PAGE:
Don’t you hate speed bumps? I do–especially when they slow me down from getting where I need to go.
I live on a gravel road with a straightaway. Speeders love the straightaway. They fly down the road, throwing gravel, kicking up dust, and sending pedestrians scurrying for safety. The miscreant drivers are usually visitors to the area, but some culprits live in the neighborhood.
The property owners association spent years trying to slow down the speeders. The community residents resisted speed bumps for the usual reasons: they’re inconvenient, they’re ugly, and they detract from the bucolic nature of the neighborhood. The POA decided to experiment with other traffic-calming strategies.
First came the speed limit signs. They were ignored.
Next came the radar speed sign to make drivers aware of their excessive speed. The result? Drivers used the sign to race against their previous speed records. Who could resist that kind of challenge?
Eventually, the residents resigned themselves to getting speed bumps. They worked!At first, residents grumbled about them. But now the road keeps its gravel longer, the potholes are fewer, and the dust is less. Pedestrians can enjoy peaceful strolls. It took some time, but we became accustomed to the slower pace.
It’s all good.
Why am I writing about this? For a few years, I’ve been blogging on Tumblr. I have a steep learning curve when it comes to computer technology. Ask my ever-patient children. They know well the pitiful look I give them from my writing perch whenever I get stuck.
Tumblr was fairly easy for me to learn, but it had its downsides. My fellow writers recommended I switch to WordPress. I resisted. No, it’s too hard to learn. I’m too busy. My garden’s calling me. I need a cookie.
My lovely daughter gave me a pep talk. Funny thing, it was the same one I’d given her a couple of hundred times. Yes, it’s hard to learn new things, but you’re smart. You can figure it out. C’mon, you can do it!
I’m back on the learning curve. There are lots of speed bumps. I’m crawling over them. I’ll get used to the WordPress speed bump. Eventually, it will all be good. That’s what I keep telling myself.
In the meantime, please be patient when I accidentally publish a post before its ready, or the photograph I refer to isn’t there, or a blog post shows up in italics for some mysterious reason.
I’m a big fan of the television
show Dancing with the Stars. This
past season, singer Andy Grammer was one of the celebrity dancers. After Andy
unsuccessfully attempted the fast Jive, co-host Erin Andrews asked him what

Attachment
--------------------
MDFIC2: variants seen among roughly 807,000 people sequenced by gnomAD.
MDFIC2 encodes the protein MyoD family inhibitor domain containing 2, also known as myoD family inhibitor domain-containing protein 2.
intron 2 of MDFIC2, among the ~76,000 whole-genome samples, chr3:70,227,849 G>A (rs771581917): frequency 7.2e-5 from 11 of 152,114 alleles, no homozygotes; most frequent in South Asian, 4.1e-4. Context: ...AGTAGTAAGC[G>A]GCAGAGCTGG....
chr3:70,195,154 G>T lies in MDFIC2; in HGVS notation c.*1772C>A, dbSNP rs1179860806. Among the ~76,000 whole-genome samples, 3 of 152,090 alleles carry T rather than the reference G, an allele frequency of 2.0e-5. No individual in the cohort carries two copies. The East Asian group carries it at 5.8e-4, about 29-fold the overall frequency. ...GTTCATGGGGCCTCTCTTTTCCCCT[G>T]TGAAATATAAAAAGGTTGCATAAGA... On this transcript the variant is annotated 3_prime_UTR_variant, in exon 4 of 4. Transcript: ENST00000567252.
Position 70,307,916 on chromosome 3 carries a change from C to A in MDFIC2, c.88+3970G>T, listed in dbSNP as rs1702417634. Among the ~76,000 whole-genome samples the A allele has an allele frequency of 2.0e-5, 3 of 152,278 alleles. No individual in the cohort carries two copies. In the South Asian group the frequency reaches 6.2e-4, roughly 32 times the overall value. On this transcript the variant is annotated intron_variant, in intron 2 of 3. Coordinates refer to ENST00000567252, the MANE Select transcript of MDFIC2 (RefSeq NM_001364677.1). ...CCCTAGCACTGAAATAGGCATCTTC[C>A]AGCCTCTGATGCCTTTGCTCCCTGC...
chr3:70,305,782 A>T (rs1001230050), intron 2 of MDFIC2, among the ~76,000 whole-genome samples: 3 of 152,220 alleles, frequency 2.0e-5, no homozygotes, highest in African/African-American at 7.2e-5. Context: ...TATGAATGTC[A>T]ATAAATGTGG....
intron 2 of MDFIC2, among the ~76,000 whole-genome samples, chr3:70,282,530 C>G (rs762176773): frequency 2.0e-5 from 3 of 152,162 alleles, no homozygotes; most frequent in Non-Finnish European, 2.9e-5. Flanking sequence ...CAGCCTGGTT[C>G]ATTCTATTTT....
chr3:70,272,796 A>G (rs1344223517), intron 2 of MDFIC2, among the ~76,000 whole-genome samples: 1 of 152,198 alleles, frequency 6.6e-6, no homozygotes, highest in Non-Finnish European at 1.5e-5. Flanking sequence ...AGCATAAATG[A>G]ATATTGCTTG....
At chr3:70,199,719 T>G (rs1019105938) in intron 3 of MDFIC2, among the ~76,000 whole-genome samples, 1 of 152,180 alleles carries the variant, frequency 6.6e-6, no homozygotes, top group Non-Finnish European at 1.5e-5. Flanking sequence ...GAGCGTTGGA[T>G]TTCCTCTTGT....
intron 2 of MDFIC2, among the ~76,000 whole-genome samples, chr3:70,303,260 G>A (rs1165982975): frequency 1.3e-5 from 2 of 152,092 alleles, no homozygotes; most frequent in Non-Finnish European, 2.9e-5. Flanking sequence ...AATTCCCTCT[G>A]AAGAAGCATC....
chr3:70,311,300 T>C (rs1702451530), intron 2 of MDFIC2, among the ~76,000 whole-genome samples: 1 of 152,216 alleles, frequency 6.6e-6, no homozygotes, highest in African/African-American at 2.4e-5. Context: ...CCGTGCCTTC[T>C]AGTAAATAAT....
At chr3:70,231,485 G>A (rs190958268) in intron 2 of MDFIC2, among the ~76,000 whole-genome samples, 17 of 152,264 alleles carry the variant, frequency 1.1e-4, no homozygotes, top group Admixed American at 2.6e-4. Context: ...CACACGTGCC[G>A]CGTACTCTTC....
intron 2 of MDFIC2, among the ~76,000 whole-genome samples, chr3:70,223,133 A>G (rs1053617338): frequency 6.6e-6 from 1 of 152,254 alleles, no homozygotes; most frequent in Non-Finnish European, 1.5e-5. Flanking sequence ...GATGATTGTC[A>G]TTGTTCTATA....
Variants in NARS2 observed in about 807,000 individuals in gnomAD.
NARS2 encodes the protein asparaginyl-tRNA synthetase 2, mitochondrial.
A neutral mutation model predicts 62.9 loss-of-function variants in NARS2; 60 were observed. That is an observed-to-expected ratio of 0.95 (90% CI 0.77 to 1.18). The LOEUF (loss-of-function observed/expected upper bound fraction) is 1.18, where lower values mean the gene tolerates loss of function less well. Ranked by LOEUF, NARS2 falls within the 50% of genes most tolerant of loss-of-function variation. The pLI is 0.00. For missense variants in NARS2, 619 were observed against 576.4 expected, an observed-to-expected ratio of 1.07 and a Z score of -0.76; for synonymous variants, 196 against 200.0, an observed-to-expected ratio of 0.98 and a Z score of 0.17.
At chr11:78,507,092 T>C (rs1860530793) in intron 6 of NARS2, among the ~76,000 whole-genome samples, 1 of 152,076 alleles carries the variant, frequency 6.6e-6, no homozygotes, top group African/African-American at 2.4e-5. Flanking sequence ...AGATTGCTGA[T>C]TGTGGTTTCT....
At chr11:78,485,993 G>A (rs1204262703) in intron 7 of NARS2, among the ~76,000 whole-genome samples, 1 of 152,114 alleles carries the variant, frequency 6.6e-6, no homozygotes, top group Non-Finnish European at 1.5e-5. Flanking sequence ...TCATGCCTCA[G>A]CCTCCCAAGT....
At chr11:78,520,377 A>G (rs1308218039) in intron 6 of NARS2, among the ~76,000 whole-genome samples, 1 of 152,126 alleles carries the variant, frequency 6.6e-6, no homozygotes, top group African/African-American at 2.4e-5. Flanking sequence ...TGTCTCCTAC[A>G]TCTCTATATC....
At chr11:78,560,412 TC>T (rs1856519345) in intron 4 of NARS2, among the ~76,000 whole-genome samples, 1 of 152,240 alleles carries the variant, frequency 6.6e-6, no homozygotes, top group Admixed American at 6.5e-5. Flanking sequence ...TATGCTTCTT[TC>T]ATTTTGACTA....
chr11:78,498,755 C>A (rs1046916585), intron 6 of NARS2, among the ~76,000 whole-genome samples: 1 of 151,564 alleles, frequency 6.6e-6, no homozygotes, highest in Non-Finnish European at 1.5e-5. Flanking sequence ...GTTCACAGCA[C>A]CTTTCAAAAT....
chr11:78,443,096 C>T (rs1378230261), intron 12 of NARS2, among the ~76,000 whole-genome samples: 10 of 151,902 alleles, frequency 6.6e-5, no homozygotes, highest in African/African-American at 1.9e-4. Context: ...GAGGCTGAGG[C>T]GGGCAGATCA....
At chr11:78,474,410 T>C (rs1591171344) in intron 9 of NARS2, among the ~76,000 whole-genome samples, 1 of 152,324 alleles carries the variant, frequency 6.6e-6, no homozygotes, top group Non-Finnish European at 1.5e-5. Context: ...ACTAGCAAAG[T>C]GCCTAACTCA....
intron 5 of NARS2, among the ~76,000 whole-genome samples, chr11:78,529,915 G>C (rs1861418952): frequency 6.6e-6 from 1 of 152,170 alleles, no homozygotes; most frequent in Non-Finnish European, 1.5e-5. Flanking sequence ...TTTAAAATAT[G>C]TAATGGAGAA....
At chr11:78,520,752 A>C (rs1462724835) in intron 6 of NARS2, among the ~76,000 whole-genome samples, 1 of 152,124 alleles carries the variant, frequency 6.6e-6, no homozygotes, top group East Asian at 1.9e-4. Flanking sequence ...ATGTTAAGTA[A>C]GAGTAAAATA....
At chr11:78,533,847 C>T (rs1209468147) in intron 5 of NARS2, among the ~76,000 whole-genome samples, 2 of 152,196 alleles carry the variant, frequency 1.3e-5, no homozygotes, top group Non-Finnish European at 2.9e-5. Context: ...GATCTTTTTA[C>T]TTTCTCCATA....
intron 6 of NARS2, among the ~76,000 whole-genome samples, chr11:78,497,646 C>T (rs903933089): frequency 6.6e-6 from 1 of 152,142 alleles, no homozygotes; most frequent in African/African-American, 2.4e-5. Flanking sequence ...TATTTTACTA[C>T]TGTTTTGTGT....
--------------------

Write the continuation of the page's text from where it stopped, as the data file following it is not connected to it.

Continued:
went wrong. Andy answered, “Dancing is hard!” My immediate thought was, “So is
Sometimes it’s hard to figure out
something as basic as the plot. At what point does your story start? How does it end? Hmmm…should the word be laying or lying? What
about that comma? Whenever I get into a tangled knot, I slip into what I call my “trying
a lawsuit” mode. There are a lot of similarities between writing a novel and
trying a lawsuit. Maybe that’s why so many lawyers, like me, become writers.
For starters, novels are based on
conflict. Who wants to read a book where there are no problems to solve, no
arguments to settle, and everyone is happy? Like the novel, a lawsuit’s essence
is conflict. Without a conflict between the plaintiff and the defendant, there’s no
reason to file the lawsuit. Sane people don’t suffer through the emotional and
financial expense of filing a lawsuit just to tell everyone their life is grand.
An esteemed colleague, who taught
seminars on trial practice, described a trial as “simply telling your client’s
story.” The lawyer presents the client’s story to the finder of fact (a judge
or a jury) with testimony and exhibits. Ethics and rules of evidence control
how the story is told. Novels have their own rules—the most important are those pertaining to structure and
genre. Mysteries, thrillers, suspense, and romance each have specific requirements for their genre. For example, a romance must end with a HEA
(happily ever after); otherwise, it’s not a romance, no matter how romantic the
The witnesses in a lawsuit are like
the characters in a novel. They move the story forward. Their words must be credible, but natural. One
of the arts of trial work is preparing a witness to testify. Not too much, not
too little, but just right. The
witnesses must express themselves truthfully and authentically. Otherwise, the
witness sounds rehearsed and like a mouthpiece for the attorney. Juries can
spot unnatural testimony as easily as novel readers can spot stilted dialogue.
In my novel, No Brakes: On the Wing, I had to make sure the uneducated bicycle
messenger didn’t speak like the prosecutor, and the prosecutor didn’t speak
like the gang member, and none of them spoke like me. As I wrote, sometimes a character would whisper
into my ear, “I would never talk like
that!” It was downright spooky.
Lawsuits require research—the law,
the procedure, and the subject matter of the lawsuit. Why did the light fall from the ceiling of the bus and conk the plaintiff on the head? Who’s at
fault? How do I prove it? While I wrote my novel, I learned the fundamentals of
fiction-writing. I also learned about bicycle messengers, autopsies, gangs,
handguns, and flashbang bra holsters. So much fun!
A novel’s opening chapter has several
functions—it introduces the plot, the setting, the characters, the tone, and
the conflict. Lawyers do the same in their opening statements.
Trials have the judges or juries who
render the verdict after hearing the case. Novels have readers who render their
verdicts after finishing (or not!) the novel. Without exception, lawyers and
writers want favorable verdicts.
Whenever I’m stuck while writing, I
ask myself, “What would I do if this were a lawsuit?” The answer is usually,
“Do some research.”
Today I am learning about snowplows, lividity, and hypothermia.